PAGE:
An Interaction Map Summarizing the Data Obtained from Both Native MS and Cross-Linking MS Analysis
A very recent study has shown that an
temperature-sensitive mutant grown at restrictive temperatures contained a subcomplex comprising four out of the nine lid components, Rpn5, Rpn8, Rpn9, and Rpn11 [
]. A similar study with an
temperature-sensitive mutant demonstrated the presence of an Rpn5:6:8:9:11 subcomplex [
]. From our cross-linking data, we could not conclude whether Rpn3:7 or Rpn5:9 were anchored to Rpn11. However the results from the
mutants support the scenario in which Rpn5:9 recruits Rpn11 into the Rpn5:6:8:9:11 subcomplex. In addition, the
mutation prevented the incorporation of Rpn3, Rpn7, and Rpn12 into the lid. These results, together with the evidence that Rpn5:6:8:9 exists as a stable independent subcomplex in solution (
), are consistent with the Rpn5:6:8:9 subcomplex forming the scaffolding core of the lid.
Taking together our data with existing data from analysis of mutants [
] and results of previous two-hybrid analysis [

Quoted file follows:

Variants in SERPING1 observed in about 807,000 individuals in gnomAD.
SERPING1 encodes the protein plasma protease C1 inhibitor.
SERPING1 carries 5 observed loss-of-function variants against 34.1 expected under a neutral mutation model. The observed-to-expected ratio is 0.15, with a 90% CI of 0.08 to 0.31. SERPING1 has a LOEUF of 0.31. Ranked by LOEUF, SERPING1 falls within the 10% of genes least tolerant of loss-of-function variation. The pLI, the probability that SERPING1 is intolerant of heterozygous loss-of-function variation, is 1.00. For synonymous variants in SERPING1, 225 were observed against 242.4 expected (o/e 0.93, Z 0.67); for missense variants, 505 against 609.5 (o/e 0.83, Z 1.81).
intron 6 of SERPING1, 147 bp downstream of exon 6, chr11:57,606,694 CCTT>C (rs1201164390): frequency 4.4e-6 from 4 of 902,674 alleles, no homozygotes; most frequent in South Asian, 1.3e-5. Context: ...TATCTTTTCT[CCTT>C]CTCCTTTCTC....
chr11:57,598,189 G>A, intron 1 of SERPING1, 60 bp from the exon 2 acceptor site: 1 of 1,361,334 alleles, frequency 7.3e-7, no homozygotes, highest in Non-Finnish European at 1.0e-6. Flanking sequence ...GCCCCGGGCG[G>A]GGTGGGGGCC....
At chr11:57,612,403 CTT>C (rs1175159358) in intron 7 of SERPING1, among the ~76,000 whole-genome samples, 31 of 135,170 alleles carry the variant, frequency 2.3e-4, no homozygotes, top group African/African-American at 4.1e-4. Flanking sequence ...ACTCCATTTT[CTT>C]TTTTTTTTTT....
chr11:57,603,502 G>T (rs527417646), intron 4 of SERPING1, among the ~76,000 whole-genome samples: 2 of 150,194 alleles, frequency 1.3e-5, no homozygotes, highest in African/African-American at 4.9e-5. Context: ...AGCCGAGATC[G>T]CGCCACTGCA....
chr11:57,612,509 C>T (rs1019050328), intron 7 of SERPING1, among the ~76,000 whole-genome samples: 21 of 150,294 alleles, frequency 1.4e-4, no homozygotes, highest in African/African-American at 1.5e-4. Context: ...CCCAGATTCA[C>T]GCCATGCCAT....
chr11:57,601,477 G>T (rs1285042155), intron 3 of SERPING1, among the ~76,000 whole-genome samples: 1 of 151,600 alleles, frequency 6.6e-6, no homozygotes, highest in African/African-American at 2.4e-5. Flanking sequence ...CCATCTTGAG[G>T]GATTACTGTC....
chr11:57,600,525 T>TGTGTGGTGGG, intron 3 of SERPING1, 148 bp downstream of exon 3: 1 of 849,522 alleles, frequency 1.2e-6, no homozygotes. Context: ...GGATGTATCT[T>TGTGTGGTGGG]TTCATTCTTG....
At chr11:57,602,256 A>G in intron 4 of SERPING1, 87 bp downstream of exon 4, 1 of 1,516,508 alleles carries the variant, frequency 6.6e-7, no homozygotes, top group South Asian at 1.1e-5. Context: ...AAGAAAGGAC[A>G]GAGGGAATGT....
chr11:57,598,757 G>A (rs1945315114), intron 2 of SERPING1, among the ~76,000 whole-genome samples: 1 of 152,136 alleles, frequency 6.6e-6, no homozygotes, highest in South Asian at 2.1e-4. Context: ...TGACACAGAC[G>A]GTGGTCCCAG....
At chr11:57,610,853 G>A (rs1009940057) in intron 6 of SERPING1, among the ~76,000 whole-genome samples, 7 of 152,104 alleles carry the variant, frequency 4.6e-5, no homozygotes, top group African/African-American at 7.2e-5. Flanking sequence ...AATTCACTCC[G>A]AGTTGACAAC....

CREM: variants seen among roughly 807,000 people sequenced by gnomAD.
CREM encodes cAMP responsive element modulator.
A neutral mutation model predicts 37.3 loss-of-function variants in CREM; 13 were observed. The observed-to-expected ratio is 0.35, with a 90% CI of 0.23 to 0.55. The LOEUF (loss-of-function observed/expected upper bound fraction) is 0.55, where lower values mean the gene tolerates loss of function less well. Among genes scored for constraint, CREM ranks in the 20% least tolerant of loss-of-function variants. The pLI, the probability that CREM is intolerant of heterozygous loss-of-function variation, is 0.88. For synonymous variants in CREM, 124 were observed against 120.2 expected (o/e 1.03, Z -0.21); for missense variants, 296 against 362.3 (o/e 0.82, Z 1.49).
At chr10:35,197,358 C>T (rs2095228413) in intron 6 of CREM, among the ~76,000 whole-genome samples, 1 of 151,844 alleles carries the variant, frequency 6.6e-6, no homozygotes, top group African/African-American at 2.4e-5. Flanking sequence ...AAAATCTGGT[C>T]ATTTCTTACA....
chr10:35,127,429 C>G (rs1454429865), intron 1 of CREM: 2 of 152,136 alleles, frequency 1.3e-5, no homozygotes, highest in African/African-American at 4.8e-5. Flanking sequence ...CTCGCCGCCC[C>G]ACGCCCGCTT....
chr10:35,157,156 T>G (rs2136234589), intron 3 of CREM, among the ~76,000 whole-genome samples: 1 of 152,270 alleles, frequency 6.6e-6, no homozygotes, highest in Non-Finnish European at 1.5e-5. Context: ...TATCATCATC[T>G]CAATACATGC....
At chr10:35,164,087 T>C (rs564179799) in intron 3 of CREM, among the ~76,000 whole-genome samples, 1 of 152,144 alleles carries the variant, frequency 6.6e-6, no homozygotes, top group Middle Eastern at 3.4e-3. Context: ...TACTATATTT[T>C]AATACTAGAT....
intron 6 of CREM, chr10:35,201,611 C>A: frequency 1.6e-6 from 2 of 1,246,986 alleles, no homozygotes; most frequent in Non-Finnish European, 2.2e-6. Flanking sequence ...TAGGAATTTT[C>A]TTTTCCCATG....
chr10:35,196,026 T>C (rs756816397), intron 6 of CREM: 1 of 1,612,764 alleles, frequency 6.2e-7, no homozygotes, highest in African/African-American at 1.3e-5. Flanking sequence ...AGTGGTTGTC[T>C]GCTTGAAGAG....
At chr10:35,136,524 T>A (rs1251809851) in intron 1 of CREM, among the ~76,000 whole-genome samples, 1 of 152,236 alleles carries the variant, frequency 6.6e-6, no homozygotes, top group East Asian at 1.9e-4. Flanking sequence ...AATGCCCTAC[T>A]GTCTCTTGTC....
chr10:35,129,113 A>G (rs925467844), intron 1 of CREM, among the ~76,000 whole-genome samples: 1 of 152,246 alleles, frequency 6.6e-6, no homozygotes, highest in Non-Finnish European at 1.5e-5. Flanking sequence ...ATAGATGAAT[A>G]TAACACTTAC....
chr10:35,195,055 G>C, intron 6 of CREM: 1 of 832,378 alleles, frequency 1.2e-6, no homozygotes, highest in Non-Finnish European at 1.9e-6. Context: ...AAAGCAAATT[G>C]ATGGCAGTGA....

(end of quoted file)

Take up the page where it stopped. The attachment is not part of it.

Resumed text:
), we propose a detailed interaction map (
). The fact that all the data could be integrated into a single model increases our confidence in the MS analysis. In the model, two clusters become apparent. The first structural cluster includes Rpn5, Rpn6, Rpn8, Rpn9, and Rpn11, in agreement with the cluster suggested previously [
]. Within the second cluster Rpn3, Rpn7, Rpn12, and Sem1 are included, in accord with recent observations [
]. The link between the two subcomplexes is between Rpn5:Rpn3, and not Rpn7 as suggested by the analysis of an
]. These results explain previous observations in
that in cells in which
is deleted the 26S proteasomes misassemble [
]. Moreover, our structural organization indicates that Rpn11 forms extensive interactions with all three subunits, Rpn5, Rpn8, and Rpn9. Furthermore, in our model Rpn6 is opposite Rpn9 and Rpn12. As these may interact with Rpn10 at the lid–base junction, it follows that Rpn6 is exposed to the cellular environment.